Those parcels, according to the SMA permit applications filed on June 20, 2017, are owned by Yasumi Iida of Narashino, Japan.
Yee also asked De La Cruz to add the proposed removal of a banyan tree next to the farmers market restaurant area to the permit applications.
The permits are required because of the market’s proximity to the shoreline and its location in a tsunami inundation and flood hazard zone.
De La Cruz said the current situation is causing him “undue stress and frustration.”
“I’d like to try to get this resolved as soon as possible so the market, our vendors and the customers can move forward,” he said. “We want to get the permits done as soon as we can. We had submitted it back in June. It’s already created an inconvenience, and I think a solution would be to try to get our metal building up for the farmers market as soon as possible, as well as addressing the SMAs for the crafts site.”
Mayor Harry Kim issued a lengthy written statement late Thursday night referring to information circulating about the one-day closure of the iconic open-air market as “so wrong and misleading” as to prompt a rebuttal.
“The public should know of truth that their government has sincerely tried to help Mr. De La Cruz comply with the county, state and federal laws to keep the market in operation,” Kim wrote. “A commitment was made and kept by the county to help keep it open and develop a place to be proud of. The choices made that caused this closure and hardships imposed on the tenants were not made by your government.”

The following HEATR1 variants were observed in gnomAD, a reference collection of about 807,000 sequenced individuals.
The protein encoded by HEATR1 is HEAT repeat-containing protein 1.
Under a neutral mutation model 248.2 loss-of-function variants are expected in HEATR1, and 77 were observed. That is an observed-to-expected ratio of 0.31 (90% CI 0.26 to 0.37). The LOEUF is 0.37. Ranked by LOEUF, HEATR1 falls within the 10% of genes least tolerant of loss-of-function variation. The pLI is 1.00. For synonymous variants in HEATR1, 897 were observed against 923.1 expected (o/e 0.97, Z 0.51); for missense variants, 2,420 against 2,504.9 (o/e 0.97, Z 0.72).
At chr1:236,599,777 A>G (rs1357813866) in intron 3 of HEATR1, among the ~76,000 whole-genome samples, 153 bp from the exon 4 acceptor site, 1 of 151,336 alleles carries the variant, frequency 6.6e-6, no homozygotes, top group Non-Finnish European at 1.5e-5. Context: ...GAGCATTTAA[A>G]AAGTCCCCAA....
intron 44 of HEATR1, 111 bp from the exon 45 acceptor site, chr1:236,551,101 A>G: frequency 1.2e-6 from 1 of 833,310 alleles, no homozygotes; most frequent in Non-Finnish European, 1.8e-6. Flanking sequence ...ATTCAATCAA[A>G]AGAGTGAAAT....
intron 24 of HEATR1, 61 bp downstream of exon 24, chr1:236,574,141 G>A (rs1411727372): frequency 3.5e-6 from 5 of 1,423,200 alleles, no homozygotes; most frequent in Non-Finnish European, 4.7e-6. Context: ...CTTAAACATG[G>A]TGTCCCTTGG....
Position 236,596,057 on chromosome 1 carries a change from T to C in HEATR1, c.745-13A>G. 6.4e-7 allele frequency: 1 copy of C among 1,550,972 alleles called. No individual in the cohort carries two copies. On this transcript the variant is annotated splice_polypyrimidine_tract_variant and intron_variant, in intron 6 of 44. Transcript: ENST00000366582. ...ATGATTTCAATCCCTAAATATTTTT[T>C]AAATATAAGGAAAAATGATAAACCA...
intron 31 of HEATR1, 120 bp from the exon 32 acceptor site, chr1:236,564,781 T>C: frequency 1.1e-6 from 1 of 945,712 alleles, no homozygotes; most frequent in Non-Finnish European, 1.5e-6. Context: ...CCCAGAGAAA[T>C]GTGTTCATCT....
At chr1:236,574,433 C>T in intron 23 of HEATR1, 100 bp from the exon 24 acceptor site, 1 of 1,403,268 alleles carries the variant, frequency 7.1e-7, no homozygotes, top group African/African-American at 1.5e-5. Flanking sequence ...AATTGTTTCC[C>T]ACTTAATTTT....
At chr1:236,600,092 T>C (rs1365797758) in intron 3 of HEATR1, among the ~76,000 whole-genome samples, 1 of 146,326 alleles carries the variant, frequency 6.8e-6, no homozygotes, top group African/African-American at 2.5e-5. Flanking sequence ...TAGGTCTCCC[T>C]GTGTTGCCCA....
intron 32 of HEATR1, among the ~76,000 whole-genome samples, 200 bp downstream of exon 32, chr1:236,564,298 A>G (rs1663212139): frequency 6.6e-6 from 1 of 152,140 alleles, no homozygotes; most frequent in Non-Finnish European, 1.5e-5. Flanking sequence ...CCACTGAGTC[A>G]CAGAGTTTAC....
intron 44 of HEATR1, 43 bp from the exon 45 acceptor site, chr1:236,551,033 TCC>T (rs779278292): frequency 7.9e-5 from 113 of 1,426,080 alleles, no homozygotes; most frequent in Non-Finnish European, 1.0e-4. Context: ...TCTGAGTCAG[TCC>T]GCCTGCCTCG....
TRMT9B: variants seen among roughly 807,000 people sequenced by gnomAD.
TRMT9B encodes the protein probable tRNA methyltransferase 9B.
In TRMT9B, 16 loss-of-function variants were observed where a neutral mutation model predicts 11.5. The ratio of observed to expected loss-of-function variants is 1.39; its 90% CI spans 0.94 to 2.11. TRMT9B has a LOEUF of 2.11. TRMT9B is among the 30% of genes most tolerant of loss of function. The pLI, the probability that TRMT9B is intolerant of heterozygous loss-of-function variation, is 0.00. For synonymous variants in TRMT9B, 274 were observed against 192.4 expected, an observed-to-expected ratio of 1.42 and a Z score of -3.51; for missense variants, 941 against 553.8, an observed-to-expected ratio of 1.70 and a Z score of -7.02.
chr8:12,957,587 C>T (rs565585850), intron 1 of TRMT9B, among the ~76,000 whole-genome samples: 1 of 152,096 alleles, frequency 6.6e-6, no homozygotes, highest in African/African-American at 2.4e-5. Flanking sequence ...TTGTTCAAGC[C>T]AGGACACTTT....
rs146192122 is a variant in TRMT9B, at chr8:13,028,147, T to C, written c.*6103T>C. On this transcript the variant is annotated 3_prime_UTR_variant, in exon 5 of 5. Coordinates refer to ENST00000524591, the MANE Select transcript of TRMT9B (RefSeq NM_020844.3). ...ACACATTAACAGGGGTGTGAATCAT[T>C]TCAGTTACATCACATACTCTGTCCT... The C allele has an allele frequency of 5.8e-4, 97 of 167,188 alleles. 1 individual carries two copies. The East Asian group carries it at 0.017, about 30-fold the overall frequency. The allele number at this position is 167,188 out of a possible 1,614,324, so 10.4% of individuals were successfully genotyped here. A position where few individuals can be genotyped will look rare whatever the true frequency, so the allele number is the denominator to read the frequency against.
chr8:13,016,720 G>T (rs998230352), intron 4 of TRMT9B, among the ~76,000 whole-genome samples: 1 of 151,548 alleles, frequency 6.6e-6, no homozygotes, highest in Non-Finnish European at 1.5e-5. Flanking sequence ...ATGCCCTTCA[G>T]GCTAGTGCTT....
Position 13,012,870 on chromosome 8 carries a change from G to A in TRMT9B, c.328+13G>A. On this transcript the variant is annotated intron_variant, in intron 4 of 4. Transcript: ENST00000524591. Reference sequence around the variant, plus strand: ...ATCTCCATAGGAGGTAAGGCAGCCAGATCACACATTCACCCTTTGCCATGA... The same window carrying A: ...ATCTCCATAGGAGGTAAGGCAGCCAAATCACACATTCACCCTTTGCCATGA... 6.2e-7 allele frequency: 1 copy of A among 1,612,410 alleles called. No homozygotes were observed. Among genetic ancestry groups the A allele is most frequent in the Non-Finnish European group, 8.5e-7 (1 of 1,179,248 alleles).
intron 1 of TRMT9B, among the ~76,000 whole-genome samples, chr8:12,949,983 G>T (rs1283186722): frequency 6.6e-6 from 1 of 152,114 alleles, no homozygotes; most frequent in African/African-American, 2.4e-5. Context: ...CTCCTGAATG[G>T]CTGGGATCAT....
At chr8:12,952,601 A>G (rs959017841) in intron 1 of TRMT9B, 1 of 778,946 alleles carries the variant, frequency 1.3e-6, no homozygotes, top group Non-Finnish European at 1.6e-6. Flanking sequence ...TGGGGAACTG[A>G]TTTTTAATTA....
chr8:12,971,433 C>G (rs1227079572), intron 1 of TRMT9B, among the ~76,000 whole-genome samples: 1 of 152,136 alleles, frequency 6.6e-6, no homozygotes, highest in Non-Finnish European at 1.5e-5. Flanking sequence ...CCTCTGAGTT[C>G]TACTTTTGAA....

Kim’s statement listed areas in which the farmers market was allegedly noncompliant as:
• No building permits. The farmers market has been operating for over 20 years without any building permits. Temporary structures, such as large tents greater than 120 square feet used for commercial purposes, are required to have a temporary building permit, which is good for 180 days only.
• Nonflammable tent material. Tents larger than 750 square feet are required to have nonflammable or noncombustible tent material.
• Nonpermitted electrical wiring. Electrical wiring was energized, used and operated without required electrical inspections and approval of electrical work performed.
• Extended hours of operation. Farmers market operations exceeded the two days a week allowed by the SMA permit.
• Nonpermitted sign. A large sign was installed without acquiring the required permits.
• No setbacks between tents and property boundary. Temporary structures are required to have a 10-foot setback from the property boundaries and 10-foot spacing between tents.
“The conditions were allowed to persist for all these years in deference to constantly changing plans proposed by the owner,” according to Kim. “Continuous efforts over the past year by the county to guide the owner into compliance were, regretfully, unsuccessful due to delay or no action on the owner’s part. The only way to finally achieve results was to enforce the notice of violation that the owner received in June of 2017 which clearly stated the consequences if the proper permits were not acquired in a timely fashion.
“… The county is committed to assisting the owner in developing a permanent farmers market that can be a fixture of the Hilo landscape, provide a safe environment for the community to shop, and help make Hilo a beautiful and nice place to live.”
Kim’s entire statement, unedited, is on our website at hawaiitribune-herald.com.